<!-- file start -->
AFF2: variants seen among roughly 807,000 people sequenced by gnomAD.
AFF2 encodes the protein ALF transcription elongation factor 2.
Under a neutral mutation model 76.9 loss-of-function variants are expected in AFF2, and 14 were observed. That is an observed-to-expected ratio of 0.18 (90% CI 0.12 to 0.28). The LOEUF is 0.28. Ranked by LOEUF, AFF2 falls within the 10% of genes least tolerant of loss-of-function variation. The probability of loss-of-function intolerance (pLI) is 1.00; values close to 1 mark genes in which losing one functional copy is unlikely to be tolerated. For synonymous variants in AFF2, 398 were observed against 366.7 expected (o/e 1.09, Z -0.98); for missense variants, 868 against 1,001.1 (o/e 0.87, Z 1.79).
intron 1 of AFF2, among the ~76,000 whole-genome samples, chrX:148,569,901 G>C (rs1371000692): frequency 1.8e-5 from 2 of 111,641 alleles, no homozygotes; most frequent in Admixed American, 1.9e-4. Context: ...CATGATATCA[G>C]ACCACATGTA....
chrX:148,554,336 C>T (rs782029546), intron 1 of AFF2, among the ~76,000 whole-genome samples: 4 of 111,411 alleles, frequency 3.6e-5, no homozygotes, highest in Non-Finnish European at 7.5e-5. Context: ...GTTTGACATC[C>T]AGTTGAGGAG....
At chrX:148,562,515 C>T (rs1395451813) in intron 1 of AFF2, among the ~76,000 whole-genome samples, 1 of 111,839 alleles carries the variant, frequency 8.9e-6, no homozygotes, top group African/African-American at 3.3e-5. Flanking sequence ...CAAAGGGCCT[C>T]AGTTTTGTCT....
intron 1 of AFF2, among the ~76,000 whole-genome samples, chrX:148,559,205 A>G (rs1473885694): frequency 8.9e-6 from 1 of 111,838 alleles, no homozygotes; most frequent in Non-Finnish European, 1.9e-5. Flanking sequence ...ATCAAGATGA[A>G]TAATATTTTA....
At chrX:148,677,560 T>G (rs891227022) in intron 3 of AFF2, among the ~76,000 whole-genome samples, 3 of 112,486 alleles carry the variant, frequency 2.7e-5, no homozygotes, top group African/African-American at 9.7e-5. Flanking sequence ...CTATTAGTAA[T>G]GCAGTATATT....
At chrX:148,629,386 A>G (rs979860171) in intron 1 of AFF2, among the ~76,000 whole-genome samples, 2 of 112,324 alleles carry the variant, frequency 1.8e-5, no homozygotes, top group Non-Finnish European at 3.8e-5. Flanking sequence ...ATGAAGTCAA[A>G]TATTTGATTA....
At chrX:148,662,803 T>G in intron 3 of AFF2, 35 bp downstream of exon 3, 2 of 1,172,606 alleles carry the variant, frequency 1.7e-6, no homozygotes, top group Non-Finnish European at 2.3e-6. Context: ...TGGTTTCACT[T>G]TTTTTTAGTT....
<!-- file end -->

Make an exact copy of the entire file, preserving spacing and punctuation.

AFF2: variants seen among roughly 807,000 people sequenced by gnomAD.
AFF2 encodes the protein ALF transcription elongation factor 2.
Under a neutral mutation model 76.9 loss-of-function variants are expected in AFF2, and 14 were observed. That is an observed-to-expected ratio of 0.18 (90% CI 0.12 to 0.28). The LOEUF is 0.28. Ranked by LOEUF, AFF2 falls within the 10% of genes least tolerant of loss-of-function variation. The probability of loss-of-function intolerance (pLI) is 1.00; values close to 1 mark genes in which losing one functional copy is unlikely to be tolerated. For synonymous variants in AFF2, 398 were observed against 366.7 expected (o/e 1.09, Z -0.98); for missense variants, 868 against 1,001.1 (o/e 0.87, Z 1.79).
intron 1 of AFF2, among the ~76,000 whole-genome samples, chrX:148,569,901 G>C (rs1371000692): frequency 1.8e-5 from 2 of 111,641 alleles, no homozygotes; most frequent in Admixed American, 1.9e-4. Context: ...CATGATATCA[G>C]ACCACATGTA....
chrX:148,554,336 C>T (rs782029546), intron 1 of AFF2, among the ~76,000 whole-genome samples: 4 of 111,411 alleles, frequency 3.6e-5, no homozygotes, highest in Non-Finnish European at 7.5e-5. Context: ...GTTTGACATC[C>T]AGTTGAGGAG....
At chrX:148,562,515 C>T (rs1395451813) in intron 1 of AFF2, among the ~76,000 whole-genome samples, 1 of 111,839 alleles carries the variant, frequency 8.9e-6, no homozygotes, top group African/African-American at 3.3e-5. Flanking sequence ...CAAAGGGCCT[C>T]AGTTTTGTCT....
intron 1 of AFF2, among the ~76,000 whole-genome samples, chrX:148,559,205 A>G (rs1473885694): frequency 8.9e-6 from 1 of 111,838 alleles, no homozygotes; most frequent in Non-Finnish European, 1.9e-5. Flanking sequence ...ATCAAGATGA[A>G]TAATATTTTA....
At chrX:148,677,560 T>G (rs891227022) in intron 3 of AFF2, among the ~76,000 whole-genome samples, 3 of 112,486 alleles carry the variant, frequency 2.7e-5, no homozygotes, top group African/African-American at 9.7e-5. Flanking sequence ...CTATTAGTAA[T>G]GCAGTATATT....
At chrX:148,629,386 A>G (rs979860171) in intron 1 of AFF2, among the ~76,000 whole-genome samples, 2 of 112,324 alleles carry the variant, frequency 1.8e-5, no homozygotes, top group Non-Finnish European at 3.8e-5. Flanking sequence ...ATGAAGTCAA[A>G]TATTTGATTA....
At chrX:148,662,803 T>G in intron 3 of AFF2, 35 bp downstream of exon 3, 2 of 1,172,606 alleles carry the variant, frequency 1.7e-6, no homozygotes, top group Non-Finnish European at 2.3e-6. Context: ...TGGTTTCACT[T>G]TTTTTTAGTT....